Solving global warming with nanoporous materials

November 20, 2015 by Andrew Spence, The Lead

Removing carbon dioxide gases from the atmosphere to reduce global warming and converting them into green energy is at the heart of a cutting edge research project.

Professor Ajayan Vinu, whose research into nanoporous carbon nitride is creating excitement among environmental scientists troubled by the rapid progression to critical , will lead the Future Industries Institute at the University of South Australia to solve this problem.

Globally recognised for his work the emerging field of nanoporous materials, Prof Vinu's research into carbon nitrides has found that they have just the right properties to support the capture and conversion of CO2 molecules.

"Their interesting properties—a semiconducting framework structure and ordered pores—make them exciting candidates for the capture and conversion of CO2 molecules into methanol which can then be used as a source of with the help of sunlight and water," Prof Vinu said.

"My goal is to develop this unique approach which has the potential to make a huge contribution to cleaning the environment and addressing one of our most significant environmental problems, the mitigation of atmospheric CO2.

"This fascinating material is not only helping in reducing CO2 levels by developing an efficient, low-cost photo electrochemical semiconductor device, but also offers a clean fuel source from the conversion of absorbed CO2 molecules.

"Through a strong multidisciplinary approach and deep collaboration with industries I am sure we can create tangible benefits… to translate the research into real products."

Prof Vinu's discoveries have led to worldwide recognition. His work on this novel material and other materials with future-focussed applications has also earned him recognition by key societies in Japan, Germany, India, Iran and Australia.

These include prestigious awards from the Japan Society for the Promotion of Science, Humboldt Foundation and the Australian Research Council.

UniSA Deputy Vice Chancellor Research and Innovation, Prof Tanya Monro said the appointment of Prof Vinu would set the stage for exciting developments at the Future Industries Institute.

"Prof Vinu is a fantastic complement to the Institute which is focussed on research that will seed future industries and also provide solutions to emerging challenges," she said.

"This appointment adds capacity to our strength in materials and energy engineering with a clear pathway to partner engagement and impact."

Explore further: New crystal material captures carbon from humid gas

Related Stories

New crystal material captures carbon from humid gas

October 15, 2015

A new material with micropores might be a way to fight climate change. Scientists have created crystals that capture carbon dioxide much more efficiently than previously known materials, even in the presence of water. The ...

Capturing and converting CO2 in a single step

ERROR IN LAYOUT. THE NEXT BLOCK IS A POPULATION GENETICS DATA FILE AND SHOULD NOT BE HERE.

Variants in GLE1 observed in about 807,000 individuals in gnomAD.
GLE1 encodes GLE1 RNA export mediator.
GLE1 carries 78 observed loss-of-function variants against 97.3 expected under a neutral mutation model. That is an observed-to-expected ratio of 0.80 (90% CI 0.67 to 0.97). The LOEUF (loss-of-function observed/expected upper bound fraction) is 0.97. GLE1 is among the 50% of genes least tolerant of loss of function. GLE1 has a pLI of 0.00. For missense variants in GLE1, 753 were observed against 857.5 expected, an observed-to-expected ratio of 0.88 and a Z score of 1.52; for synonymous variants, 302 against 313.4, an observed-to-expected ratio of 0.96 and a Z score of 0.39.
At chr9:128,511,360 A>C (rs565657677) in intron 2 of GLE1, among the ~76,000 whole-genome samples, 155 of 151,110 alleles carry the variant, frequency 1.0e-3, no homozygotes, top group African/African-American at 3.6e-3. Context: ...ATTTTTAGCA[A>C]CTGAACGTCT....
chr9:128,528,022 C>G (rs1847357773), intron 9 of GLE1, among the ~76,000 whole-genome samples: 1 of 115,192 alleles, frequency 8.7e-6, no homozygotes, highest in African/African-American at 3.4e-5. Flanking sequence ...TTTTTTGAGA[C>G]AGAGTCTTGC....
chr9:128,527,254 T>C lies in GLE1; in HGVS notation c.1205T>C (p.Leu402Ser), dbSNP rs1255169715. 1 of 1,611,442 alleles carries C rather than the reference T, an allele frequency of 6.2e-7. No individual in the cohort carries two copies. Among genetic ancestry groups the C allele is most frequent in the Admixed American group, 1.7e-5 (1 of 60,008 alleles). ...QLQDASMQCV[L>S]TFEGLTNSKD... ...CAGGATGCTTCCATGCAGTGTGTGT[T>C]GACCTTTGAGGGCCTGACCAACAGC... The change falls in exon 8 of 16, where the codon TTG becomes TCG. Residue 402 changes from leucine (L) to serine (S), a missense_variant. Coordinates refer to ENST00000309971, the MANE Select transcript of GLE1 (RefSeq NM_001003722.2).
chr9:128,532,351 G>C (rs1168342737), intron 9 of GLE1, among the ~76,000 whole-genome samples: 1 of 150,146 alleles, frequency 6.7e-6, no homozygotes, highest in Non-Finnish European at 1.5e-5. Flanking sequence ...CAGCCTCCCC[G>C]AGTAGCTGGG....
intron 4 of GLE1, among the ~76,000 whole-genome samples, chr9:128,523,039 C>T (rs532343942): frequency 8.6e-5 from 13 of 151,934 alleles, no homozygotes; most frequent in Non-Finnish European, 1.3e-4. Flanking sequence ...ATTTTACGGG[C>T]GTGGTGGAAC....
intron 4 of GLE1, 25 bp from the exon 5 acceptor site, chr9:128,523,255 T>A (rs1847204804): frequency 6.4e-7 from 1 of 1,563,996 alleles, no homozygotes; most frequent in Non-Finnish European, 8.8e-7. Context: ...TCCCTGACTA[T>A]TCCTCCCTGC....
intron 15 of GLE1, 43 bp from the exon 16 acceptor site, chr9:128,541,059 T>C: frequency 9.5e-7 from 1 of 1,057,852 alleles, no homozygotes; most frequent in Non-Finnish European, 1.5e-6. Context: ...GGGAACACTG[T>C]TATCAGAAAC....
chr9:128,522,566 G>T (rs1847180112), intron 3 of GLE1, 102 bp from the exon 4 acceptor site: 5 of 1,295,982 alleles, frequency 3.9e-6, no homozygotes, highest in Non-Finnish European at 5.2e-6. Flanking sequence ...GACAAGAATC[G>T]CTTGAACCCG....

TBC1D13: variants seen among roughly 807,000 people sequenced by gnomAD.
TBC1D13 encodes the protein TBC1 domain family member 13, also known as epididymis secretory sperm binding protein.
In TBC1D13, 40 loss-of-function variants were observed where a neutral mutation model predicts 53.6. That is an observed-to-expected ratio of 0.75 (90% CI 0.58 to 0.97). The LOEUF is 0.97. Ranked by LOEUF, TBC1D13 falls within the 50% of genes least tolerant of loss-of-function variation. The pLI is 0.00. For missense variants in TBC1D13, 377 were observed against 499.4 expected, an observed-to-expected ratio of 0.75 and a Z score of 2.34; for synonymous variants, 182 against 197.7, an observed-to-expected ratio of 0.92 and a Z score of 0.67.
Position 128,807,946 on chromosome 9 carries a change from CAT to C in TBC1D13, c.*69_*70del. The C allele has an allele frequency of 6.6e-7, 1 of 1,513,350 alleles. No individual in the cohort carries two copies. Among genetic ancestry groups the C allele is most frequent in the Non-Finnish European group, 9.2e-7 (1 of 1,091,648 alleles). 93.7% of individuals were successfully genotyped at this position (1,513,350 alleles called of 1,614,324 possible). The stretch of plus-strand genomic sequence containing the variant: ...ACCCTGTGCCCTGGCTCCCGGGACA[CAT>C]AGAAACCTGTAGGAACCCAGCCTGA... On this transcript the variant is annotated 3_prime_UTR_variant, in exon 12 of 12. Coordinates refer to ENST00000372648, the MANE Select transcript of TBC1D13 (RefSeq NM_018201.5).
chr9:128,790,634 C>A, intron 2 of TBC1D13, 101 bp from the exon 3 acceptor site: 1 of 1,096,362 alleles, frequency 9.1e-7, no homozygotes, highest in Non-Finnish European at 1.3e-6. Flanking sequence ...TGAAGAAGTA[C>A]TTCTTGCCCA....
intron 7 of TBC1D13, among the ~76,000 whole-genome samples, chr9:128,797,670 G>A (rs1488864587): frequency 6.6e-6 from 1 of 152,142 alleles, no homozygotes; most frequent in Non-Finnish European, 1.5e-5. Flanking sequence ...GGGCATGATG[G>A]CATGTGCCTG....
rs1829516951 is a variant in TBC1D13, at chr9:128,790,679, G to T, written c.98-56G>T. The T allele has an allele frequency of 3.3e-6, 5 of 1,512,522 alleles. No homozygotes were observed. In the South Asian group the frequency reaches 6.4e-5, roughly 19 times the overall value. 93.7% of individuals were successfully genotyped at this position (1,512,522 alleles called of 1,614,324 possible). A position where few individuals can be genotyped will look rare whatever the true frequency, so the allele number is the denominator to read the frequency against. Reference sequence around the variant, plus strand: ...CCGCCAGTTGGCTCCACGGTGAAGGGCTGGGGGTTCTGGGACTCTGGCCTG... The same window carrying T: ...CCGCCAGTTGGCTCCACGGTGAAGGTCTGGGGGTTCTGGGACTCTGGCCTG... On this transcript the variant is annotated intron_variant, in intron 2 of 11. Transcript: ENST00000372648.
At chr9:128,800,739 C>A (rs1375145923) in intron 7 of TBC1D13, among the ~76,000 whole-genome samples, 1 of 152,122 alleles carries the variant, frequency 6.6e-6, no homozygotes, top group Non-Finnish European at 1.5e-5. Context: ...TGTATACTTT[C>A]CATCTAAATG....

August 11, 2015

Turning carbon dioxide from coal-fired power plants into a more valuable chemical would reduce carbon emissions while creating a revenue return. At the University of Pittsburgh, researchers computationally derived a metal-free ...

Development of new-generation solar cells

March 7, 2012

(PhysOrg.com) -- Researchers from The University of Queensland (UQ) and Korea have combined their expertise in polymer patterning and materials science in a bid to develop new-generation solar cells.

Porous material converts CO2 into carbon monoxide and oxygen

August 21, 2015

(Phys.org)—A team of researchers with Lawrence Berkeley National Laboratory and the University of California has developed a porous material that is able to split carbon dioxide molecules into carbon monoxide and oxygen. ...

Could companies someday make a profit off unwanted CO2?

November 18, 2015

The world has a carbon dioxide problem, and to fix it, much attention has been paid to renewable energy sources, which don't emit the greenhouse gas. But what if we could turn waste CO2 into marketable chemicals and fuels ...

Recommended for you

Study suggests trees are crucial to the future of our cities

March 25, 2019

The shade of a single tree can provide welcome relief from the hot summer sun. But when that single tree is part of a small forest, it creates a profound cooling effect. According to a study published today in the Proceedings ...

Matter waves and quantum splinters

March 25, 2019

Physicists in the United States, Austria and Brazil have shown that shaking ultracold Bose-Einstein condensates (BECs) can cause them to either divide into uniform segments or shatter into unpredictable splinters, depending ...

Apple pivot led by star-packed video service

March 25, 2019

With Hollywood stars galore, Apple unveiled its streaming video plans Monday along with news and game subscription offerings as part of an effort to shift its focus to digital content and services to break free of its reliance ...

0 comments

Please sign in to add a comment. Registration is free, and takes less than a minute. Read more

Click here to reset your password.
Sign in to get notified via email when new comments are made.